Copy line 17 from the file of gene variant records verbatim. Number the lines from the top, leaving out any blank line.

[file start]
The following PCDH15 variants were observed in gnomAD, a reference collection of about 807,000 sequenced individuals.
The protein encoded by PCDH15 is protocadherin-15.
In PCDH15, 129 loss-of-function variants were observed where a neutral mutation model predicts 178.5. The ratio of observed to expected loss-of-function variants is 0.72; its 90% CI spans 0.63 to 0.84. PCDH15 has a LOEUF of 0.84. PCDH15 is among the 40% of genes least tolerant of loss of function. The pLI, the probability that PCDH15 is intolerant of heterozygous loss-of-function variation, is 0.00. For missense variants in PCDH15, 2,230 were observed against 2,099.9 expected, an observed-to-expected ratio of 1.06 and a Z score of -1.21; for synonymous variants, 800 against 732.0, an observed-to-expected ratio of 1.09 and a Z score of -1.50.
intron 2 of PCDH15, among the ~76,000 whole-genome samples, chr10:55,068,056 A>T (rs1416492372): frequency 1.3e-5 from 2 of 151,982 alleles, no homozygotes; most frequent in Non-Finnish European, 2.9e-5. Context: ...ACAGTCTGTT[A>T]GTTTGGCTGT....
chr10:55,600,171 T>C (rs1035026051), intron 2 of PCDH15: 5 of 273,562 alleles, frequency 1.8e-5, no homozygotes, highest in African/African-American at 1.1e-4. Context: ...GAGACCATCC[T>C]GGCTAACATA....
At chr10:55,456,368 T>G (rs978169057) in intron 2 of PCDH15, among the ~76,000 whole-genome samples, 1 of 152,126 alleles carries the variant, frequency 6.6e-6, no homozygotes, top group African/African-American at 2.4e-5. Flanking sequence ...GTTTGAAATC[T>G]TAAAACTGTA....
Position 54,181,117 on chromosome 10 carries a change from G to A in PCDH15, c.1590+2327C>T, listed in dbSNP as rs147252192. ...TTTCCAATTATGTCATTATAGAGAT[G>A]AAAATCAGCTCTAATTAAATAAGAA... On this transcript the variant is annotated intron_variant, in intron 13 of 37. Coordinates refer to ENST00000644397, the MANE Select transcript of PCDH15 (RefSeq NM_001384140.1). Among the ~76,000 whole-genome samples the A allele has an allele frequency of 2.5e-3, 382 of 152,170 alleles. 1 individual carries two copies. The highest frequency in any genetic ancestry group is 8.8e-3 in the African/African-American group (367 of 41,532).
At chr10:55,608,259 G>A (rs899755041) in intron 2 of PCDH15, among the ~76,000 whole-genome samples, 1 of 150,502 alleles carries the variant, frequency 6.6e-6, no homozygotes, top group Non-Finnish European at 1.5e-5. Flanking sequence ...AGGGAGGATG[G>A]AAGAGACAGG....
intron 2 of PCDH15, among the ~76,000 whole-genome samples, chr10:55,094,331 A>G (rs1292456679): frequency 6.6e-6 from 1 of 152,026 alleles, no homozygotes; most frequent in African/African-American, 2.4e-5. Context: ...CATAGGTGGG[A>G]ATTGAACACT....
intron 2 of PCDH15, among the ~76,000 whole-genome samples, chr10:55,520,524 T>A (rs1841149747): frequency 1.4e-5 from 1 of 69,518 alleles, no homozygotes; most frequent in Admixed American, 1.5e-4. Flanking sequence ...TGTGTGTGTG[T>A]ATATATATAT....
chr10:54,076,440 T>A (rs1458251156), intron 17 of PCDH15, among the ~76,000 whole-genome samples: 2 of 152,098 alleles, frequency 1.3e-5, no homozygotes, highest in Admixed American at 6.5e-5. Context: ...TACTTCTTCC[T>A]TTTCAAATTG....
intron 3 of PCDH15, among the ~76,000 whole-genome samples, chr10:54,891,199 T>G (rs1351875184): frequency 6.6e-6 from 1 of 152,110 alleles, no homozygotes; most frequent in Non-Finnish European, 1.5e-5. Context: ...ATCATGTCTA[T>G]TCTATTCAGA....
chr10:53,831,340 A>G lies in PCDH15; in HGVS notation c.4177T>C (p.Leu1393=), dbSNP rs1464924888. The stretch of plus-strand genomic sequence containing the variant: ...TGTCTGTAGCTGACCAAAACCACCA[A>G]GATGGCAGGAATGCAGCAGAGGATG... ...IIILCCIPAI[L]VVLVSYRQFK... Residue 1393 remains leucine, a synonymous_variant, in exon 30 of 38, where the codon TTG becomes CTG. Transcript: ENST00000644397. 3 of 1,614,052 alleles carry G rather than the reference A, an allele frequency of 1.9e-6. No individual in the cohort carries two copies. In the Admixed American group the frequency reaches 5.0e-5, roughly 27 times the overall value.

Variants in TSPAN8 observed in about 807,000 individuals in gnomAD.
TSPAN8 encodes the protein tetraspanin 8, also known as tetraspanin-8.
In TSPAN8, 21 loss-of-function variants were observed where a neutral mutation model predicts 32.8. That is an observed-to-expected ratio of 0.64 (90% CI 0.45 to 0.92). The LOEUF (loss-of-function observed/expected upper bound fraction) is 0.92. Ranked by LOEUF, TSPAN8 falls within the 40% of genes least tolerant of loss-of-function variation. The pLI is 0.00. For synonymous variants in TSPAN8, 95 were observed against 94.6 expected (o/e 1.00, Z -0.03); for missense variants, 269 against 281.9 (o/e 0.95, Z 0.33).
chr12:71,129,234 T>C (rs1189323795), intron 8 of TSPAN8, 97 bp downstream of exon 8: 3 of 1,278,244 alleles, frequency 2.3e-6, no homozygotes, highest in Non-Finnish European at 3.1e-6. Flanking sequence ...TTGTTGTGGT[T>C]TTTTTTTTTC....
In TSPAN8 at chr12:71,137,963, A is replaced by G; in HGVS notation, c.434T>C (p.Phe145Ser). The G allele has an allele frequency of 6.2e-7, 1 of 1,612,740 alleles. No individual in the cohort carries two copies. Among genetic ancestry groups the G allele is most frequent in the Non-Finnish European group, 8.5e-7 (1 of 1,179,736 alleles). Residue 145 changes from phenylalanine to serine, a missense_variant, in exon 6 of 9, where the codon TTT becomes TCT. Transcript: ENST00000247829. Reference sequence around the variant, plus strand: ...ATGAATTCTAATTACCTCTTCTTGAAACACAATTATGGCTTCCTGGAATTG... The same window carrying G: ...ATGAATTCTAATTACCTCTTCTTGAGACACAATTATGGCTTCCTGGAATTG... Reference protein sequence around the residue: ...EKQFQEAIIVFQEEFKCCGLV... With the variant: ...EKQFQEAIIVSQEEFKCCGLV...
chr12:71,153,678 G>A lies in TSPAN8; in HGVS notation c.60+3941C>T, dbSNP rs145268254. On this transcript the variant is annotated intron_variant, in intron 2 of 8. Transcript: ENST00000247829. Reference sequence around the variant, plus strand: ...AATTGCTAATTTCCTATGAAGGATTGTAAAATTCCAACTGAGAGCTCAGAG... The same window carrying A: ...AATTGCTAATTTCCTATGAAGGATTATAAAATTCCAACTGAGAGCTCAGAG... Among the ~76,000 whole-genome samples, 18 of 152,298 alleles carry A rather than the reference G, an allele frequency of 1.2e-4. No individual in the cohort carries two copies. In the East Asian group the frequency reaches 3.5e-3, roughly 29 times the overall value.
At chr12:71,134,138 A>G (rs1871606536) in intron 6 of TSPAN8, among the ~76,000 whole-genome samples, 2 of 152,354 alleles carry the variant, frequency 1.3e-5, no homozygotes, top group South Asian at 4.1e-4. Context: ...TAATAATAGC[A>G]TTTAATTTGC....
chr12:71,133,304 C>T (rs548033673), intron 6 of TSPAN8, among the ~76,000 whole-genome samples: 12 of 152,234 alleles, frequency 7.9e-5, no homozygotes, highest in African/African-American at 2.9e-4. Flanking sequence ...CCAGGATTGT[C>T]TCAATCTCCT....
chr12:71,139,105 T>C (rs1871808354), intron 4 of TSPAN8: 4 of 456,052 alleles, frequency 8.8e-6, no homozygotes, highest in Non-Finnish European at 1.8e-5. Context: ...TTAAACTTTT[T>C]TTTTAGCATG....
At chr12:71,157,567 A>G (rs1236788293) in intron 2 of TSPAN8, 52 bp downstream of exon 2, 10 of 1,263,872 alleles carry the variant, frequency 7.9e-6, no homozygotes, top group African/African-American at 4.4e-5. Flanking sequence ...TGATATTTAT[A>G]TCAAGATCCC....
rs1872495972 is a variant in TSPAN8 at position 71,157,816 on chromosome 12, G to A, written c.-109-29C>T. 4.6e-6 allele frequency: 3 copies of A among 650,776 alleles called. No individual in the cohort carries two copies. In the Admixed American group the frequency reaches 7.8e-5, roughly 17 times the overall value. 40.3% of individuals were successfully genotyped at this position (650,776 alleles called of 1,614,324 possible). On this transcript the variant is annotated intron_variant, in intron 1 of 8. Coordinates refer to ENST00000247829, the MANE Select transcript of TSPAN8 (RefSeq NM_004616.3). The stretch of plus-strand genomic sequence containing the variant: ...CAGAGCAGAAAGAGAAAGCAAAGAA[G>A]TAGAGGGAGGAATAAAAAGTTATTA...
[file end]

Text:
chr12:71,129,234 T>C (rs1189323795), intron 8 of TSPAN8, 97 bp downstream of exon 8: 3 of 1,278,244 alleles, frequency 2.3e-6, no homozygotes, highest in Non-Finnish European at 3.1e-6. Flanking sequence ...TTGTTGTGGT[T>C]TTTTTTTTTC....